The initiative is led by Pillar Nonprofit Network in partnership with NORDIK Institute, Social Innovation Canada, and Social Venture Connexion with support from Lean4Flourishing and funded, in part, by the Government of Canada through the Federal Economic Development Agency for Southern Ontario (FedDev Ontario).
The Women of Ontario Social Enterprise Network (WOSEN) is focused on catalyzing social innovation ‒ reorganizing (or reimagining) the way the current entrepreneurial system works to enable underrepresented and underserved women founders to participate and prosper in business and society. WOSEN is an innovative equity-centred collective impact initiative, incorporating a developmental evaluation approach, to create the critical resources, relational networks and stakeholder capacity that underpin a healthy, functioning and thriving ecosystem to foster more inclusive economies. The Interim Report captures key lessons and impact from the WOSEN experience that will shape the future of the program and may prove critical to the reorganization of the current entrepreneurial system, to foster the growth of women-owned and women-led ventures with a positive social and environmental impact.
Outstanding by Standing Together: The Story of WOSEN – Interim Report
This research pilot began in the winter of 2014 to investigate urban beekeeping in the context of Sault Ste. Marie. The pilot project set out to assess the feasibility of an established, successful, working apiary within the city by fostering positive community relations; continual operation and/or expansion of bee colonies in the community; gathering a baseline of public perception of urban beekeeping; and the ability of public outreach and education in addressing community perceptions.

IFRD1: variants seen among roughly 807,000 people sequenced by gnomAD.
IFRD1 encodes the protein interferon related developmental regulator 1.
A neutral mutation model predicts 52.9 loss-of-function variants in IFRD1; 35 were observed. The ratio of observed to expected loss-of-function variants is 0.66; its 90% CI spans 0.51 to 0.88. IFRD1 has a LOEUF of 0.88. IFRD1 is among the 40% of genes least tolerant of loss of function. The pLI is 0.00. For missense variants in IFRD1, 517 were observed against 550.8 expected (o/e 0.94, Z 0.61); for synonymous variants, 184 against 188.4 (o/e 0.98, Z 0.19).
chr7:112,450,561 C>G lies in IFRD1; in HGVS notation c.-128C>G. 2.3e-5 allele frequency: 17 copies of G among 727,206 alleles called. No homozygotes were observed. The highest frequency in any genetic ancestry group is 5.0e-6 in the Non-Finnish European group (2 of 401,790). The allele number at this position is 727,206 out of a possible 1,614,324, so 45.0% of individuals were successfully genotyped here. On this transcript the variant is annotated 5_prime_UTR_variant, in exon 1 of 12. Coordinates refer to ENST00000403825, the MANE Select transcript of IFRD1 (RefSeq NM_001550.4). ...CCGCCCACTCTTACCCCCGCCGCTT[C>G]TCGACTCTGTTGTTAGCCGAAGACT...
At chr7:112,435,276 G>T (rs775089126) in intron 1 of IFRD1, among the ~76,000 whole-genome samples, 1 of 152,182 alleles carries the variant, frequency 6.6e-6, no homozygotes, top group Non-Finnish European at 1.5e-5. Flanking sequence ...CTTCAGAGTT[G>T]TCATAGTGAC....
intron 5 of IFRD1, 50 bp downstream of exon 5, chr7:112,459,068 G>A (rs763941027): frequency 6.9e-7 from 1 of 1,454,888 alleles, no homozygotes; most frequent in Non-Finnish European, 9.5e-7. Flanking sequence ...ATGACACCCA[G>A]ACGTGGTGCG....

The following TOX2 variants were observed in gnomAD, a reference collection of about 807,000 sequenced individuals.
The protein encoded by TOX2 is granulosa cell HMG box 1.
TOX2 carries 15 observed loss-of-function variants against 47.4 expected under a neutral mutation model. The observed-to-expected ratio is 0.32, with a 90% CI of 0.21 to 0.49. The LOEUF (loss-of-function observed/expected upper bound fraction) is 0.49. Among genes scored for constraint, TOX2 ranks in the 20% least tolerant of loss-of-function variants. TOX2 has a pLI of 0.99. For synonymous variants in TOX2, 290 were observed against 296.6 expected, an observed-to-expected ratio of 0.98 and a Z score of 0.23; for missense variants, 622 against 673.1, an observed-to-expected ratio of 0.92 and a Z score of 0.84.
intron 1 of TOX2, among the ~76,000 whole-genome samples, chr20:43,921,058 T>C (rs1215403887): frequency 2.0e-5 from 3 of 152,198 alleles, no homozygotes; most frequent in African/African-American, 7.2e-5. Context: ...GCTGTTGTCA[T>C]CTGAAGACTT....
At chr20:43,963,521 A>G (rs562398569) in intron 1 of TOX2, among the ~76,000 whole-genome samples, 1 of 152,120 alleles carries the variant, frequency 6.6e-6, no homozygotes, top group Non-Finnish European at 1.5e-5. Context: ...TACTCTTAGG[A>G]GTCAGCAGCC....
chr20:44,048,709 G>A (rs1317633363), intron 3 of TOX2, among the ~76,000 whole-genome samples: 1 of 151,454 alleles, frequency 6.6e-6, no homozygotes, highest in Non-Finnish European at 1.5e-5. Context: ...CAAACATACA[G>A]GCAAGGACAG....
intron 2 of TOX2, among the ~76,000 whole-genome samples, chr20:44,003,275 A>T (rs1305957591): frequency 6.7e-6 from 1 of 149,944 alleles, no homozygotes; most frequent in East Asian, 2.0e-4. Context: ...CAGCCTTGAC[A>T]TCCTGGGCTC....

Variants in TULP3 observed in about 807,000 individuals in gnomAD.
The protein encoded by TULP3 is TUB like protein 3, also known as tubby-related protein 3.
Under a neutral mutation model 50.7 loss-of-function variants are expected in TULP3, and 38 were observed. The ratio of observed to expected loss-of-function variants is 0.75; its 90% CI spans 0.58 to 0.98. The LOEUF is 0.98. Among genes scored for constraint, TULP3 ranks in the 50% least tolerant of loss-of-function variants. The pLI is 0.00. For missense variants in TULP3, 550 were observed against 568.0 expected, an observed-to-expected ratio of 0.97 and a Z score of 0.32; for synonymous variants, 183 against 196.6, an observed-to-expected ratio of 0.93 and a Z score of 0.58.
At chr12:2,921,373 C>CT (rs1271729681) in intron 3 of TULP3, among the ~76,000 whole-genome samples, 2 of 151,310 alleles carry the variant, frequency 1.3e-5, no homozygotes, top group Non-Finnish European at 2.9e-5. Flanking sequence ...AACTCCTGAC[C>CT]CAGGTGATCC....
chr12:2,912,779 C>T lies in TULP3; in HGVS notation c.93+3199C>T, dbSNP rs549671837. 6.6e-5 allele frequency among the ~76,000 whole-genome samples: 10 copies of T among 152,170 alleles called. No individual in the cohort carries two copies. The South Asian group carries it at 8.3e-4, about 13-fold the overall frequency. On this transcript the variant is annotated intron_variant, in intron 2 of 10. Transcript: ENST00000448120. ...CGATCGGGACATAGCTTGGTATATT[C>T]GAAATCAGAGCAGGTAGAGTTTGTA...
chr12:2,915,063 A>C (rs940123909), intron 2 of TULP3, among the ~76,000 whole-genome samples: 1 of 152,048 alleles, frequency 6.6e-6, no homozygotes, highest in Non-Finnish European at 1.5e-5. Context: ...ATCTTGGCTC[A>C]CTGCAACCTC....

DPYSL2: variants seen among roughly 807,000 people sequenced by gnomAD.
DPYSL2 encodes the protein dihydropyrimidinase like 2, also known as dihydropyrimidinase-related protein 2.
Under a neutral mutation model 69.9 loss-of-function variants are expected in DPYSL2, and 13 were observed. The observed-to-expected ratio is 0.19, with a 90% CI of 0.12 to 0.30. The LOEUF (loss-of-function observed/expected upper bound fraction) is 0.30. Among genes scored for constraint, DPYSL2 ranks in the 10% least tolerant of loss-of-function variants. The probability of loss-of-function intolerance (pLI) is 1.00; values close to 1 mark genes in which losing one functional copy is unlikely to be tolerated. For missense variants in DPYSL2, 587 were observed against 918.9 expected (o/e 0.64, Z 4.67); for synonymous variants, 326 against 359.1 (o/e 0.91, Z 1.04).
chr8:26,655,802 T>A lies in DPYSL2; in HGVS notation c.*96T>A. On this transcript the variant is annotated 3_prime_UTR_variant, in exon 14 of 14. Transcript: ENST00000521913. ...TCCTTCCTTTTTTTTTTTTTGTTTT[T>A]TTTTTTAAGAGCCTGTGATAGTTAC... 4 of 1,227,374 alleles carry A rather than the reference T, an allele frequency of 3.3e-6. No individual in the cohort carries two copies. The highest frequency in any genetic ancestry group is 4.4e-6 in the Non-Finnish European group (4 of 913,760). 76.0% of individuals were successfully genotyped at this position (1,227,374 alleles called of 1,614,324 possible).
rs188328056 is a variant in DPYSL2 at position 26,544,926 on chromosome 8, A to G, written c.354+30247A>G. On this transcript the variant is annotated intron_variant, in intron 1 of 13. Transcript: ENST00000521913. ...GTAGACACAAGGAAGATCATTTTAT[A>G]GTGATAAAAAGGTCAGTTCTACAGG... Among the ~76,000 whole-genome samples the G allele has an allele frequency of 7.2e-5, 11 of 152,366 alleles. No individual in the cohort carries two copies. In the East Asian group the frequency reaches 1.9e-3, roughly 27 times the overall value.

The Rural Agri-Innovation Network (RAIN) is began as a project of Sault Ste. Marie Innovation Centre and NORDIK Institute, with support from farmers and communities to enhance the agriculture and food sector in Algoma. RAIN’s vision is to build a resilient farm and food sector in northern Ontario through innovative research and agriculture development projects. To date RAIN has conducted research in Forage Improvement, Novel Crop Studies, Value Chain Development; and has developed programs such as the SNAPP (Sustainable New Agri-Food Products & Productivity) Program, and the Regional Tile Drainage and Land Clearing Program, to name a few.
Dr. Gayle Broad, Errol Caldwell, David Thompson, Mikala Parr, Melissa Watson, Jordan Danielewicz, Jessica Laidley
Follow RAIN on twitter @RAINAlgoma
Facebook at https://www.facebook.com/rainalgoma
YouTube at https://www.youtube.com/channel/UChowRsaQQgh2YppqMb25-pA
This initiative advanced the public awareness of local food producers and products, playing a vital role in the viability and growth of local agriculture and farming. NORDIK researchers compiled a list of local food sources into a printable brochure, providing consumers with an accessible entry point into the marketplace. This work enhanced economic opportunities in Algoma by making the connection between producers and consumers through promotion, education and cooperation.
2010 – 2014
Bring Food Home Algoma: Policy Paper on Building Resilient Futures, highlights needs and challenges within the current food system, including the need for education about food production and processing, meeting food needs related to the region’s existing and emerging cultural diversity, and increasing access to healthy local food. It also underscores the need for cross-sector collaboration and diversifying local food production and promoting sustainable production methods.
Dr. Laura Wyper, David Thompson, Sean Meades